By fully immersing people within a digital, interactive environment, XR could represent a seismic shift in the way we interact with computers and with one another. XR promises to create more embodied, immersive, authentic-feeling experiences than we have had with digital media.
Allowing us to inhabit virtual worlds with one another.
Displaying and merging digital objects into our physical environment.
Combinations of virtual and augmented reality.
While its use for entertainment, and especially gaming, has received some of the greatest attention and investment, XR has already demonstrated benefits in areas like education and health. Rather than simply watching an educational video about the pyramids in Egypt, for instance, XR could help create an embodied, authentic feeling of climbing up the passageway to the King’s Chamber in the Great Pyramid and standing in front of the sarcophagus.
At the same time, XR also raises novel questions and issues, expanding on what was possible with the Internet thus far. Consider, for instance, how threats and harassment will also become a more authentic, embodied experience, and the wider mental and physical health implications of immersion within a digital environment. These experiences will be powered not just by data we input into a keyboard, but also highly sensitive biometric data like how our eyes move in response to specific stimuli.
The future of this technology is not written in stone. Now is the time to work proactively to create solutions that empower individuals and support the broader public interest.
How will XR platforms ensure the safety and security of users on the platform?
Given the scale of real-time interactions, will a more community-driven form of moderation be required?
What will be necessary to support both platforms and communities in addressing harmful content and behavior?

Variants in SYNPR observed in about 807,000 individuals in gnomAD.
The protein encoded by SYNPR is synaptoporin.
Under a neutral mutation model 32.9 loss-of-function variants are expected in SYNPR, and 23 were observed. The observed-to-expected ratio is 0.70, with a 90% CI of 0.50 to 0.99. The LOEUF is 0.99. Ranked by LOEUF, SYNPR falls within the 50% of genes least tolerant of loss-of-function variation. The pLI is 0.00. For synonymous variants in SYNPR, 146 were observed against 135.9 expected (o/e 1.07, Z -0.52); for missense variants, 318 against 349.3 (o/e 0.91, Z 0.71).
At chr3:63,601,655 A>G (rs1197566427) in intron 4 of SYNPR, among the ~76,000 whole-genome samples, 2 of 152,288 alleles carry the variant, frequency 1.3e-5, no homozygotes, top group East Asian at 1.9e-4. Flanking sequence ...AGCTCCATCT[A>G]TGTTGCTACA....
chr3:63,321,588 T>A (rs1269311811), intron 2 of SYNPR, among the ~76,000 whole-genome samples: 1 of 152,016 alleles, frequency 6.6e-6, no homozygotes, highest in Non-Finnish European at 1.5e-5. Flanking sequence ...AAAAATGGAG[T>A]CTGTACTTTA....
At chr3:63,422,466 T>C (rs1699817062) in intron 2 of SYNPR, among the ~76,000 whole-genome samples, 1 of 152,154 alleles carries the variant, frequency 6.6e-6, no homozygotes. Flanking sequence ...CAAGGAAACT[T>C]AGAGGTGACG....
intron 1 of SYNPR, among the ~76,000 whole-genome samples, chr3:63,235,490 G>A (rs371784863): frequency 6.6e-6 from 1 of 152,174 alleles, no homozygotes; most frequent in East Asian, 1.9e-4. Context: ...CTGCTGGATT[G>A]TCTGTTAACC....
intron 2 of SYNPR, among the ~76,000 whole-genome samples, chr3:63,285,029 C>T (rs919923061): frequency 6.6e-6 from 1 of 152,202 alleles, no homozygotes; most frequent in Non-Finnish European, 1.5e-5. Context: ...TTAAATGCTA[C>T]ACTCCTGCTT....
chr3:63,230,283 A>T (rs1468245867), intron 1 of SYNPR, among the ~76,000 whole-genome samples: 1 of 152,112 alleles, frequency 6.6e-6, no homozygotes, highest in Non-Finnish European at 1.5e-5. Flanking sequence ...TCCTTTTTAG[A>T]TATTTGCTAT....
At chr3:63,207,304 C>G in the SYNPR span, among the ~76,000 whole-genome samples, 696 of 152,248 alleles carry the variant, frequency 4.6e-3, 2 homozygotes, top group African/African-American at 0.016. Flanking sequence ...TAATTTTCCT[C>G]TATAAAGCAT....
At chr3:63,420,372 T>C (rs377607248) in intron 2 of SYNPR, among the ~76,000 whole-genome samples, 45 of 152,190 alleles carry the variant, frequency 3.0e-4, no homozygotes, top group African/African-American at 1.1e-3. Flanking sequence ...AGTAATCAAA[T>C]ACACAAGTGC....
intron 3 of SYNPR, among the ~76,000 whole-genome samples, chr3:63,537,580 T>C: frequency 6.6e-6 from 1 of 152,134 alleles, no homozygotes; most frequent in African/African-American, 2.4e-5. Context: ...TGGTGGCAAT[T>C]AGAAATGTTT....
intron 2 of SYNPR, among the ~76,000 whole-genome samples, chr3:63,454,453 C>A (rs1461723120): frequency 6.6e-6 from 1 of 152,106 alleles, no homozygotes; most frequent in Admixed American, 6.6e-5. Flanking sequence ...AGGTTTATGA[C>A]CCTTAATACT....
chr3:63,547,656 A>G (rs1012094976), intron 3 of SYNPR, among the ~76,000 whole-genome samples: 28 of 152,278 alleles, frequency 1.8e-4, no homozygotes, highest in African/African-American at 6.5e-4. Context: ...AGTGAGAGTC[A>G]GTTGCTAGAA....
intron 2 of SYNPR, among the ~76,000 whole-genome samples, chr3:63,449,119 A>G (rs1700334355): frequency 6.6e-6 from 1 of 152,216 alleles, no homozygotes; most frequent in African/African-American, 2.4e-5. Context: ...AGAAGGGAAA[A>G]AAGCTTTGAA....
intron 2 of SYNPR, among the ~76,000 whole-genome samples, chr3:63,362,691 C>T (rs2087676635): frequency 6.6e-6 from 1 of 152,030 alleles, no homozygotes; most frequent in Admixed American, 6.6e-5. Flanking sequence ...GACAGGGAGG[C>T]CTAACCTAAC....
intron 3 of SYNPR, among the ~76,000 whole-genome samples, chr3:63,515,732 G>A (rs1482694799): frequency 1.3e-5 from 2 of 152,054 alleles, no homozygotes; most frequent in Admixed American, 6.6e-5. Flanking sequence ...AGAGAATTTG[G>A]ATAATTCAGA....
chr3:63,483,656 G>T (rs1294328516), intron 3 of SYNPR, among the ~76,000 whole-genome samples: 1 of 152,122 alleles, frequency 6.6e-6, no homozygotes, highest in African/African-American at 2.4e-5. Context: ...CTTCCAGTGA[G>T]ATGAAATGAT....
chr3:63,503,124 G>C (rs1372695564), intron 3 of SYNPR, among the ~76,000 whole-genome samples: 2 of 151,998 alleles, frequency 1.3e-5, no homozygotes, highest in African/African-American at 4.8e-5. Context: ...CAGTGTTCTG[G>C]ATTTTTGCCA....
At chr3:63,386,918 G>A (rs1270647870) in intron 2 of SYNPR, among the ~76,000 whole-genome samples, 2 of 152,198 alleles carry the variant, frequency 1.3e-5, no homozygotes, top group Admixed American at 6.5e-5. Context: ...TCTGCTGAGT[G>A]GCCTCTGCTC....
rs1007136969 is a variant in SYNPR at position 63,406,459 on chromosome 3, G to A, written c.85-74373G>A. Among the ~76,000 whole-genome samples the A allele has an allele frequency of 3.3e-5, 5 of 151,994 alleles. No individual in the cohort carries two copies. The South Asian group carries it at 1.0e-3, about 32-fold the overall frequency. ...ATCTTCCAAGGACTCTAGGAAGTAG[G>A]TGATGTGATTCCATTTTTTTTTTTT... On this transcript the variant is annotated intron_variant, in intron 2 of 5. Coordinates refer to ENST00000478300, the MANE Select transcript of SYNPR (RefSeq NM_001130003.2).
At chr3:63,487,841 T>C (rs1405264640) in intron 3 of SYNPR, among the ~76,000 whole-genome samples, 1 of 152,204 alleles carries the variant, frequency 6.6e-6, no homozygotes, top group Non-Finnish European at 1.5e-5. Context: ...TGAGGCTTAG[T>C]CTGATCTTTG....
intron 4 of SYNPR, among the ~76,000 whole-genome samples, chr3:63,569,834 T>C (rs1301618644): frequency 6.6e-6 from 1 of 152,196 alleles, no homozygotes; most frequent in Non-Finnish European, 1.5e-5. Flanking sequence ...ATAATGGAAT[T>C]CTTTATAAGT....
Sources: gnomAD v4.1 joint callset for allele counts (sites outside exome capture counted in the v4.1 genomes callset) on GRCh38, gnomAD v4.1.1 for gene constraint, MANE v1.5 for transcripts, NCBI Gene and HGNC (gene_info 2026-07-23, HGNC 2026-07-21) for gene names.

Conversely, how might XR be designed to enable or encourage certain values — e.g., empathy and comity?
How will user data be protected and what privacy rights will users have over their experience on these platforms?
How might surveillance advertising evolve in an XR environment?
What are the implications of increased collection and use of biometric information?
What health impacts — mental health, physical health — should we expect will arise from wider adoption of XR technologies?
Will the health concerns associated with social media today (e.g., distraction, disassociation, addiction) become even more pressing with the adoption of XR?
Conversely, given early evidence about the ways that XR might help medical professionals, what policy frameworks are necessary to facilitate positive deployment of XR in supporting health?
If XR means a worker can be paid for labour in performing a service intermediated by an XR platform, what rights and protections does that worker have?
How will creators who build on top of these platforms be empowered?
Will users own the rights to things they create on these platforms?
What are the possible implications of platforms developing in walled-gardens during the emerging phases of XR environments?
What will ensure competitiveness between and within these platforms, and ensure users don’t get unduly locked in to any one ecosystem?
How will broadband policy evolve to address these needs?
Will XR environments be predominantly commercial, or will there be the equivalents of the public square (e.g. public parks, libraries, and other civic spaces)?
What are the ways such spaces can be incentivised and governed?
How will XR platforms be made accessible, including to those with disabilities?
How will these platforms be held accountable for including diverse viewpoints and user needs in the development of XR technology?